An aristocracy is a government ruled by an elite class. An oligarchy is similar to an aristocracy and the two terms are usually used interchangeably; the one distinction is that the elites in an oligarchy come from a business or finance background while elites in an aristocracy come from a military background. Gilbert Chesterton quipped that "democracy means government by the uneducated, while aristocracy means government by the badly educated." Nevertheless, one can find both advantages and disadvantages to having an elite aristocratic class ruling over society.
In his book "The Republic," the Greek philosopher Plato ranked the different types of government from best to worst and discussed the merits of each type in great depth. He ranked aristocracy as the best form of government because it was capable of ordering society in the most efficient way. According to Garth Kemerling, Plato's ideal aristocracy was made up of highly competent leaders, who gained entry into the aristocratic class solely based on personal merit. He wanted the leaders of society to pass a series of rigorous tests over many years to demonstrate their wisdom and impartial judgment. A society led by wise and capable leaders could potentially be the most efficient society.
Sparta defeated the Athenians in the Peloponnesian war (430-400 B.C.) This defeat led Critias, leader of the Athenian oligarchic party, to advocate abandonment of democracy. If a society cannot survive a military attack, the logic went, then democratic values will die anyway. Historian Will Durant says Critias admired the Spartans' aristocratic government because of its military abilities. Aristocracies can be much better than democracies at fighting wars because they can dictate a command economy and do whatever is necessary to win the war.
Government paternalism can be viewed as an advantage or a disadvantage of aristocracy, depending on your viewpoint. Paternalism can be an advantage if the government keeps the best interest of the citizens in mind and rules accordingly. But paternalism can be a disadvantage if the elites end up promoting the interests of the elite class in the name of the "general welfare" or "public interest." Brett Stevens says that paternalistic governments become preoccupied with their own interests, causing societies to weaken and fail. He says that governments hide their failures by publicising their short-term successes to the public and disregarding their long-term failures; short-term appearances trump long-term realities.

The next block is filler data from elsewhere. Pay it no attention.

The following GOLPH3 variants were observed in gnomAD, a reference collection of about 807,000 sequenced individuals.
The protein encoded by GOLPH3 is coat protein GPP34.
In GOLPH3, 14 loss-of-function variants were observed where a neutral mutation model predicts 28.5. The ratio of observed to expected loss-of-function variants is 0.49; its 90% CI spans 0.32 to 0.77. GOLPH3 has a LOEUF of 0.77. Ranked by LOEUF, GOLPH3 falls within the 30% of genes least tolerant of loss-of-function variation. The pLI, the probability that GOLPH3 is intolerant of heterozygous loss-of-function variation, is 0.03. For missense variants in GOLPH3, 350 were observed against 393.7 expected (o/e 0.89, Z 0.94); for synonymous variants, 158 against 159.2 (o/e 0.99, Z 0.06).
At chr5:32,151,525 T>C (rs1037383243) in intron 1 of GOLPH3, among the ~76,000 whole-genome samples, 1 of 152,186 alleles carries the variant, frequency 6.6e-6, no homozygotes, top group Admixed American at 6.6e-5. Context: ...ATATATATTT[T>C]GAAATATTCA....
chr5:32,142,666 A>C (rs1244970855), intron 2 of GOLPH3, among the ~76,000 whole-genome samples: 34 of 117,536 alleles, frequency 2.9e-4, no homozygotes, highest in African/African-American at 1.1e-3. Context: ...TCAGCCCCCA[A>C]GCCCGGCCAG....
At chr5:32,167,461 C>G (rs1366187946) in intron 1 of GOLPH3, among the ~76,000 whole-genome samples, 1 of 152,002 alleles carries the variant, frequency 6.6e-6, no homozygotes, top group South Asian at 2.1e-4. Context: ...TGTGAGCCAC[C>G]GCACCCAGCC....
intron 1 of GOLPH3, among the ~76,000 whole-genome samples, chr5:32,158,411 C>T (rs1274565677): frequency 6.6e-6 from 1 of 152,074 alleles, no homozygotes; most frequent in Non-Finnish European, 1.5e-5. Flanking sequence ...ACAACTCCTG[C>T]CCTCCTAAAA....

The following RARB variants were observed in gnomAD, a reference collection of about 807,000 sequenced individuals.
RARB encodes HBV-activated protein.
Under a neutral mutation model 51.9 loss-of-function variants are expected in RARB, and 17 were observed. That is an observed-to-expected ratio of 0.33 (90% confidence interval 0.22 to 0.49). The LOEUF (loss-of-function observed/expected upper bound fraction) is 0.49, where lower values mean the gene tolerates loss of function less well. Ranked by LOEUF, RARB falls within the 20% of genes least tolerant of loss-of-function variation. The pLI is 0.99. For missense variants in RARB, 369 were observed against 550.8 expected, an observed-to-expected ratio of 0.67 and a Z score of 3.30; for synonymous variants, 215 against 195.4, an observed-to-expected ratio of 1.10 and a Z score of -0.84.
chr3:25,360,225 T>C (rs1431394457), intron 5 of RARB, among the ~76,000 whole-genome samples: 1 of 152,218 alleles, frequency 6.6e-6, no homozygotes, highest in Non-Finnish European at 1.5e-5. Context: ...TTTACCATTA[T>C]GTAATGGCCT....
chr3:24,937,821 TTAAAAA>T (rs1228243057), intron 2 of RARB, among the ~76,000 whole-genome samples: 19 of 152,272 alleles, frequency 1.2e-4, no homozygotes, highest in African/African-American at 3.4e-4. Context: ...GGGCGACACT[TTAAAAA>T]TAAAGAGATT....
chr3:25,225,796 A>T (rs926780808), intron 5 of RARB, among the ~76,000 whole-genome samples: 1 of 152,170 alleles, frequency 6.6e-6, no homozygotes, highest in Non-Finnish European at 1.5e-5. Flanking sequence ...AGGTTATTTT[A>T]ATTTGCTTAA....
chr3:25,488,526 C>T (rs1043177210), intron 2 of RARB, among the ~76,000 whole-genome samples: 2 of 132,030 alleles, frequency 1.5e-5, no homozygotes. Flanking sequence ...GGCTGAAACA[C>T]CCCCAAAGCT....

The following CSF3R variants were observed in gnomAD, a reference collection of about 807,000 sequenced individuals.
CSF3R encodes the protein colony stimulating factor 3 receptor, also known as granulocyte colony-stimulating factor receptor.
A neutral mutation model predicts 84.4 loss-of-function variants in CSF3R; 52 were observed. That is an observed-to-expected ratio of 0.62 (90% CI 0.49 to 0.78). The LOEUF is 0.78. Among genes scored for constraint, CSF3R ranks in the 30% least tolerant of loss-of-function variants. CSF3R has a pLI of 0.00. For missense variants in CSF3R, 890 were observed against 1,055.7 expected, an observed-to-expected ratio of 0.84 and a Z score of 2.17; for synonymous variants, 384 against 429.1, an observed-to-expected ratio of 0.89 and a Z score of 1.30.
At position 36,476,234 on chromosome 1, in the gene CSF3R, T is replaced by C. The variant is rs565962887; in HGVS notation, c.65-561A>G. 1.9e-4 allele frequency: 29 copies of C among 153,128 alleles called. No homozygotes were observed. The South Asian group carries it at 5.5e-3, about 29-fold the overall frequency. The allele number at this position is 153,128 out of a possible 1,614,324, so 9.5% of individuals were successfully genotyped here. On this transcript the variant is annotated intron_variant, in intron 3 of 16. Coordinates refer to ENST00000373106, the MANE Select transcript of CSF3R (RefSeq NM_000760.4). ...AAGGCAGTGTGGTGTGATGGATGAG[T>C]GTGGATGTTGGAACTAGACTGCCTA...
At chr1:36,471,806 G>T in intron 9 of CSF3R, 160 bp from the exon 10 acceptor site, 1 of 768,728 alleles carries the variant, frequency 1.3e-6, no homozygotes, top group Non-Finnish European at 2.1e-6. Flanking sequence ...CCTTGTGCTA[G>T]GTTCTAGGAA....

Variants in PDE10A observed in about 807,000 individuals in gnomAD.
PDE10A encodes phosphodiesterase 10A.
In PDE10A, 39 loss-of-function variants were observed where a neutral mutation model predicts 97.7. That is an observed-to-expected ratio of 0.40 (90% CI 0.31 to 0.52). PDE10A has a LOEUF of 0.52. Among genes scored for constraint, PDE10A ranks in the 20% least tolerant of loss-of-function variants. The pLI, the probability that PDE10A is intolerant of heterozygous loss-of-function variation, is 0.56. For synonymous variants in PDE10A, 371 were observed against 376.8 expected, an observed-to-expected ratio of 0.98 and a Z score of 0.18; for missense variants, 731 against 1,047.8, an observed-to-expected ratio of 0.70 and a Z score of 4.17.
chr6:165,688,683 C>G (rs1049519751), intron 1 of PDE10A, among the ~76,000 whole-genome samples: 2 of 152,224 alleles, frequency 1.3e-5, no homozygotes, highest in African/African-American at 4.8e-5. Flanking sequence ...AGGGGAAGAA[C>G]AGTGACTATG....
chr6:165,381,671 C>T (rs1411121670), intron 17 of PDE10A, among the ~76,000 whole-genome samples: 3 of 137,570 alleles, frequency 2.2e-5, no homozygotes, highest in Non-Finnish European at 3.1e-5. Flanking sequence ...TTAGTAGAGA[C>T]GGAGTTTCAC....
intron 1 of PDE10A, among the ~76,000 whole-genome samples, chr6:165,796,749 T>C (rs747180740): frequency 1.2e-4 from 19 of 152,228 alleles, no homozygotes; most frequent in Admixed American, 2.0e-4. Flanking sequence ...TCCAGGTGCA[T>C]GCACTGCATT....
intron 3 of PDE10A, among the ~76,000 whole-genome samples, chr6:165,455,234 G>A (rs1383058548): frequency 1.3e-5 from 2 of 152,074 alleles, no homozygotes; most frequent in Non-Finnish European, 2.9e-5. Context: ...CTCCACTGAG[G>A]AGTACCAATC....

Aristocracy centralises power into a few hands. They are then able to maintain and increase their power by passing laws favourable to themselves, such as taxation laws on private lands that make it difficult to own land unless you are a member of the aristocracy. This is what happened in Japan during the 11th and 12th centuries when the Fujiwara family gained considerable power, according to the Encyclopedia Britannica. A new class of warriors, called the samurai, rose in the Japanese provinces against the monopoly of power in lands and high political offices held by the Fujiwara family.